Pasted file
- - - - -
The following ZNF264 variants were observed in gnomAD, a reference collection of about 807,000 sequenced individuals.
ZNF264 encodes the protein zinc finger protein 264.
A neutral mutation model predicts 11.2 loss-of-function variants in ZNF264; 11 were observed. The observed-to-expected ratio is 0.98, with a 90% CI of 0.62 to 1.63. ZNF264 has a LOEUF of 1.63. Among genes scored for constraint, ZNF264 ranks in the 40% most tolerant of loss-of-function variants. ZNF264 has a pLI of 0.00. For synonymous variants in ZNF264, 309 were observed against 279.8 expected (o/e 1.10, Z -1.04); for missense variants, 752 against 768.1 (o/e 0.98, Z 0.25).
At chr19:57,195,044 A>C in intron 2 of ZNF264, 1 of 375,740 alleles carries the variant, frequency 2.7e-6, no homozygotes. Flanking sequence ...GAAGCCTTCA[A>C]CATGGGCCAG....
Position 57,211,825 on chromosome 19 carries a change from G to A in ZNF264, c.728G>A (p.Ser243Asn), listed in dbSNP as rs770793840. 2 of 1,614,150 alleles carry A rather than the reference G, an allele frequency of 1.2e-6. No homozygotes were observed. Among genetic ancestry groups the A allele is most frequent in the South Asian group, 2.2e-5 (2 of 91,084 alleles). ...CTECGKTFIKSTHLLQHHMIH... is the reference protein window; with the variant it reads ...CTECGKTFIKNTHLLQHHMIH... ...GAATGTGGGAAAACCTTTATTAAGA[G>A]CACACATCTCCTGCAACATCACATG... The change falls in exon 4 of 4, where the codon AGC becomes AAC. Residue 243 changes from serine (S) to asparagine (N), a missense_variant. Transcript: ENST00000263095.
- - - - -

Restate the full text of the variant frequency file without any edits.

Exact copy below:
The following ZNF264 variants were observed in gnomAD, a reference collection of about 807,000 sequenced individuals.
ZNF264 encodes the protein zinc finger protein 264.
A neutral mutation model predicts 11.2 loss-of-function variants in ZNF264; 11 were observed. The observed-to-expected ratio is 0.98, with a 90% CI of 0.62 to 1.63. ZNF264 has a LOEUF of 1.63. Among genes scored for constraint, ZNF264 ranks in the 40% most tolerant of loss-of-function variants. ZNF264 has a pLI of 0.00. For synonymous variants in ZNF264, 309 were observed against 279.8 expected (o/e 1.10, Z -1.04); for missense variants, 752 against 768.1 (o/e 0.98, Z 0.25).
At chr19:57,195,044 A>C in intron 2 of ZNF264, 1 of 375,740 alleles carries the variant, frequency 2.7e-6, no homozygotes. Flanking sequence ...GAAGCCTTCA[A>C]CATGGGCCAG....
Position 57,211,825 on chromosome 19 carries a change from G to A in ZNF264, c.728G>A (p.Ser243Asn), listed in dbSNP as rs770793840. 2 of 1,614,150 alleles carry A rather than the reference G, an allele frequency of 1.2e-6. No homozygotes were observed. Among genetic ancestry groups the A allele is most frequent in the South Asian group, 2.2e-5 (2 of 91,084 alleles). ...CTECGKTFIKSTHLLQHHMIH... is the reference protein window; with the variant it reads ...CTECGKTFIKNTHLLQHHMIH... ...GAATGTGGGAAAACCTTTATTAAGA[G>A]CACACATCTCCTGCAACATCACATG... The change falls in exon 4 of 4, where the codon AGC becomes AAC. Residue 243 changes from serine (S) to asparagine (N), a missense_variant. Transcript: ENST00000263095.